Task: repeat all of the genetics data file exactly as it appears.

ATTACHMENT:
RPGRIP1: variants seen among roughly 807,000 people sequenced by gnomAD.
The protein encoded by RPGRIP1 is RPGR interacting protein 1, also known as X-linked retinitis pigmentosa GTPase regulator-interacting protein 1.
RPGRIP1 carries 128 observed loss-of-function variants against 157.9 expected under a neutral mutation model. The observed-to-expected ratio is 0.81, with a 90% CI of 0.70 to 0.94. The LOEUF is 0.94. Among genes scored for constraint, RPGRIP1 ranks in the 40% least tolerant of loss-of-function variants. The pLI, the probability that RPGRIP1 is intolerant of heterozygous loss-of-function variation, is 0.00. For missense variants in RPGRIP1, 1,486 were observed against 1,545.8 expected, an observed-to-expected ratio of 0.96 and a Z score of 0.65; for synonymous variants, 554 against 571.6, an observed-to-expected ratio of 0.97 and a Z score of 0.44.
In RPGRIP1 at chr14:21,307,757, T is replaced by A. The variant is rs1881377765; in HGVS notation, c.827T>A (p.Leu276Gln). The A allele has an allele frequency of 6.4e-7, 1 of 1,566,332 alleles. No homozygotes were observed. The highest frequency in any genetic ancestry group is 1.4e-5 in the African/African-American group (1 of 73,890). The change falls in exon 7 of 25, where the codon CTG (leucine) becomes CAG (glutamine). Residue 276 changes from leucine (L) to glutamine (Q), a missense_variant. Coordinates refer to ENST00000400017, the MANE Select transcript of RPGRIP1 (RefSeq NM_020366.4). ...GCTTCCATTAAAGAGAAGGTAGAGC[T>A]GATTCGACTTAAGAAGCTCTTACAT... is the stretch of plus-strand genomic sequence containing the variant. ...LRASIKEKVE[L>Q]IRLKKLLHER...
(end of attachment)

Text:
RPGRIP1: variants seen among roughly 807,000 people sequenced by gnomAD.
The protein encoded by RPGRIP1 is RPGR interacting protein 1, also known as X-linked retinitis pigmentosa GTPase regulator-interacting protein 1.
RPGRIP1 carries 128 observed loss-of-function variants against 157.9 expected under a neutral mutation model. The observed-to-expected ratio is 0.81, with a 90% CI of 0.70 to 0.94. The LOEUF is 0.94. Among genes scored for constraint, RPGRIP1 ranks in the 40% least tolerant of loss-of-function variants. The pLI, the probability that RPGRIP1 is intolerant of heterozygous loss-of-function variation, is 0.00. For missense variants in RPGRIP1, 1,486 were observed against 1,545.8 expected, an observed-to-expected ratio of 0.96 and a Z score of 0.65; for synonymous variants, 554 against 571.6, an observed-to-expected ratio of 0.97 and a Z score of 0.44.
In RPGRIP1 at chr14:21,307,757, T is replaced by A. The variant is rs1881377765; in HGVS notation, c.827T>A (p.Leu276Gln). The A allele has an allele frequency of 6.4e-7, 1 of 1,566,332 alleles. No homozygotes were observed. The highest frequency in any genetic ancestry group is 1.4e-5 in the African/African-American group (1 of 73,890). The change falls in exon 7 of 25, where the codon CTG (leucine) becomes CAG (glutamine). Residue 276 changes from leucine (L) to glutamine (Q), a missense_variant. Coordinates refer to ENST00000400017, the MANE Select transcript of RPGRIP1 (RefSeq NM_020366.4). ...GCTTCCATTAAAGAGAAGGTAGAGC[T>A]GATTCGACTTAAGAAGCTCTTACAT... is the stretch of plus-strand genomic sequence containing the variant. ...LRASIKEKVE[L>Q]IRLKKLLHER...